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Air Quality

Most indoor air pollution comes from sources that release either gases or particles into the air decreasing the indoor air quality. These problems are often exacerbated by poor ventilation, high temperatures, and high humidity levels. Some common causes of poor air quality are:

Gas appliances

Tobacco products

Old building materials such as lead and asbestos

Central heating and cooling systems

Lack of visible mold doesn’t mean that mold and other contaminants are not present. Air sampling can determine the quantity of contaminants in the air including mold spores, dust mites, allergens, dander, chemical pollutants, and humidity. It is also a necessary step in the mold remediation process. Indoor air quality testing is an integral step in identifying and remediating sources of poor indoor air quality.

Indoor Air Quality (IAQ) refers to the condition of the air inside a building, with particular emphasis on the way it relates to the health and comfort of the indoor environment. Poor air quality within a home or business can lead to dry skin, allergies, asthma, respiratory issues, and other health concerns. Air sampling may be necessary to check the level of contaminants in the air. Air quality testing will give you the knowledge and power to establish a healthier environment for your home or business.

The Most Trusted Name for Air Quality Services in Southern and Central Wisconsin

Frequently Asked Questions
  • What is asbestos?
    Asbestos is a naturally occurring fibrous, silicate mineral. It is composed of flexible fibers that are resistant to heat, electricity, and corrosion which makes it highly useful in commercial and industrial applications. Unfortunately, asbestos is also highly toxic and exposure can cause many serious health conditions. Asbestos is found and can be mined naturally all over the world. It can be found on its own or as a contaminant in other minerals such as talc and vermiculite. There are six different types of asbestos that fall into two different categories: amphibole and serpentine.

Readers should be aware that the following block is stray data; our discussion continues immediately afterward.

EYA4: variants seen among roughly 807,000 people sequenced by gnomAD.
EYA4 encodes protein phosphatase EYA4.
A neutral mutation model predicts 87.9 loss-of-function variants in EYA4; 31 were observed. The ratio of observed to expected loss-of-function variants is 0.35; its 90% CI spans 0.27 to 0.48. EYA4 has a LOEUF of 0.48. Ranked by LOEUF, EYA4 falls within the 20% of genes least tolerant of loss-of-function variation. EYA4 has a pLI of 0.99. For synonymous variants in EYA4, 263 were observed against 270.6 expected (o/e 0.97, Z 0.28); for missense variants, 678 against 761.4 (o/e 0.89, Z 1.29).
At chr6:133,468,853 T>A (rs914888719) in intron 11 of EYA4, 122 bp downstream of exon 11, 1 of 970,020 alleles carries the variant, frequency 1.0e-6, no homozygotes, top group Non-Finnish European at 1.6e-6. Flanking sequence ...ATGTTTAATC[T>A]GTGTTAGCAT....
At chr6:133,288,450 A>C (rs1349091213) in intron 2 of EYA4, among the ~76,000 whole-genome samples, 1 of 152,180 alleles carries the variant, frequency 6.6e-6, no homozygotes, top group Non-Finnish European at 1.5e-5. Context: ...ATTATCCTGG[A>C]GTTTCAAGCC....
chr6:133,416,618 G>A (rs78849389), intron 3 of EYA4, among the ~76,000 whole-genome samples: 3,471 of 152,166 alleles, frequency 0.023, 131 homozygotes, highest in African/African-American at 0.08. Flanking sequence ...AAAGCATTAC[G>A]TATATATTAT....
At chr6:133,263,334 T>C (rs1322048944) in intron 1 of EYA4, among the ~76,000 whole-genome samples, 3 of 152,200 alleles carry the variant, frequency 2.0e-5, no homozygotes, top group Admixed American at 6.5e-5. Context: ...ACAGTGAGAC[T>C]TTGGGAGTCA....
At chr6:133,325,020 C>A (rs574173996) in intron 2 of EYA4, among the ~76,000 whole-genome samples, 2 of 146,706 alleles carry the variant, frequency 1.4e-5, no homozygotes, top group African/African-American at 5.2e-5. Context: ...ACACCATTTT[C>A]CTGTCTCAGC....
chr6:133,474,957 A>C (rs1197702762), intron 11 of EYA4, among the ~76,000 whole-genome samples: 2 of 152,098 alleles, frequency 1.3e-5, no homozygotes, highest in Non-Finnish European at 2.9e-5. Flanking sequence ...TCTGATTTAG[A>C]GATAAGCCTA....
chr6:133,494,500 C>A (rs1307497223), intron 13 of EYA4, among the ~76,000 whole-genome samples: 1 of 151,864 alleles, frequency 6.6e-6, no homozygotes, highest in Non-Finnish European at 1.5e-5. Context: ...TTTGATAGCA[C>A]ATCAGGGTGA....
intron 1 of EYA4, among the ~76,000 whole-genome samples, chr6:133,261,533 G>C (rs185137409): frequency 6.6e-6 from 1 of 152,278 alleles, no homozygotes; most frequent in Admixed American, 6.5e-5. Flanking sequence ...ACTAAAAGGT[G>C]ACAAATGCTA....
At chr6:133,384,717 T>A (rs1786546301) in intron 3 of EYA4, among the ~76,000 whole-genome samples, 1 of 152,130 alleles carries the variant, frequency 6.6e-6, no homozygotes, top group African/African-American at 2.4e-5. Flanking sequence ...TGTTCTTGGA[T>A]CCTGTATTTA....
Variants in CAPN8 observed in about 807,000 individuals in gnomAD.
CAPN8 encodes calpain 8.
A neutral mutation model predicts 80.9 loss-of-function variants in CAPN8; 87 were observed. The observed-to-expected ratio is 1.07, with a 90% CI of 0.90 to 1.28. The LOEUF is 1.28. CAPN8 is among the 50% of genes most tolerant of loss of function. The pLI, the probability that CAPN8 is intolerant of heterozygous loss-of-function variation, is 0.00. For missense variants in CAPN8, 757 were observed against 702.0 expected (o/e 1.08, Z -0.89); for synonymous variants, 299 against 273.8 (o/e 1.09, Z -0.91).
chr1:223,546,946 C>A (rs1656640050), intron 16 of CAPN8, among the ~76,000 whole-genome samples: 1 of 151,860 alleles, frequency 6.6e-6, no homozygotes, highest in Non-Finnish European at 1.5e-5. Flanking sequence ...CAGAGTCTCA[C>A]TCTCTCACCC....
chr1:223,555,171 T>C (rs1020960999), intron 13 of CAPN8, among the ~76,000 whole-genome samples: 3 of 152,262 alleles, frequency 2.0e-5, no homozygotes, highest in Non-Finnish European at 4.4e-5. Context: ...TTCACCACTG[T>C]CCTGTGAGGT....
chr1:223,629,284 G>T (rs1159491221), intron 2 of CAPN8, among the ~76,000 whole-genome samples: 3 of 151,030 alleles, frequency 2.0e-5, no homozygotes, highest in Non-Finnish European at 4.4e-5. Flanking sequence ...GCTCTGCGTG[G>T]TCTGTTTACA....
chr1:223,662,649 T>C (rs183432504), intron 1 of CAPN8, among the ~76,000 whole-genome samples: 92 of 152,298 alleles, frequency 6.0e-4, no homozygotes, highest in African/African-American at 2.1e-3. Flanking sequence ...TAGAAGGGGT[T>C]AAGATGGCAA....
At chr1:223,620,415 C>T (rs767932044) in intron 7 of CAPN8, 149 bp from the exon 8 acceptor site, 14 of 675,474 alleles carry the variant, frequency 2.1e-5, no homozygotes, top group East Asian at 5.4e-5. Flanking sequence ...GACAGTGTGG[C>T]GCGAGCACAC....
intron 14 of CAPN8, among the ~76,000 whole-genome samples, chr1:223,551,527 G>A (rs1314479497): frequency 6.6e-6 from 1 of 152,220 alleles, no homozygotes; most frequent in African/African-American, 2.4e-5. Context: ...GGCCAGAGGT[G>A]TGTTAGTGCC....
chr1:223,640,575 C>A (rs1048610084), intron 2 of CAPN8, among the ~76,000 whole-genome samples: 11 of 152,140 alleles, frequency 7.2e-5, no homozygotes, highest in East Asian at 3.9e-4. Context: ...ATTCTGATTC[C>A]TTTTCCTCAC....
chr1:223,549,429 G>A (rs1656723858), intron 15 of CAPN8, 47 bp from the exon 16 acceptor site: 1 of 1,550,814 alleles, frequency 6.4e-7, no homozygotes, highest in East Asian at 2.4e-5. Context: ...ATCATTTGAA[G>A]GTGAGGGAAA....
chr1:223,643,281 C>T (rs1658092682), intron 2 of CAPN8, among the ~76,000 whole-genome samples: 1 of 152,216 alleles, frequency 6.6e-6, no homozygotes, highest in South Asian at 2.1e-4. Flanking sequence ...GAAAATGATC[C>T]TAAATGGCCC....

• When was asbestos used and what was it for?
    Because of its vast array of applications, asbestos has been used as long as humans have been around to use it – archaeologists have found evidence of asbestos use to strengthen ceramic pots as far back as the Stone Age! Modern asbestos manufacturing, however, became a prosperous industry in the late 1800s at the start of the Industrial Revolution. Asbestos was commonly used in construction and automobile manufacturing, particularly in the United States. Common asbestos-containing products are: Cement Electrical Insulation Flooring and Roofing Thermal Insulation Gaskets and Packing Materials Spray-on Fire Retardant While as of 2005, asbestos was banned throughout the European Union, there is still no asbestos ban in the United States. The health risks of asbestos have been well known since at least the 1930s, but the federal government did not pass any legislation limiting exposure until the 1970s. Currently, asbestos use in the US is allowed but heavily regulated.
  • Why is asbestos dangerous?
    Asbestos is dangerous for several reasons. The first is that you won’t know if you’ve been exposed to it. It won’t cause itchy skin, coughing, or scratchy throats – there are no immediately obvious indications of exposure because the fibers are too small to see, feel, or taste. Because the fibers of asbestos are so small, they travel deep into the lungs when inhaled and lodge in the lung tissue causing serious disease and even death. Exposure to asbestos increases the risk of developing: Lung Cancer Asbestosis Mesothelioma Pleural Effusions Other cancers
  • What is asbestos abatement?
    Asbestos abatement refers to the procedures designed to control the release of dangerous asbestos fibers from materials that contain asbestos. Abatement is utilized when there is a high risk of releasing fibers such as during material removal, encapsulation, or repair. Proper abatement is essential for the protection of both workers and building inhabitants. The area being abated will be sealed off and a special vacuum that is designed just for asbestos containment will be used to clean up during and after asbestos removal.

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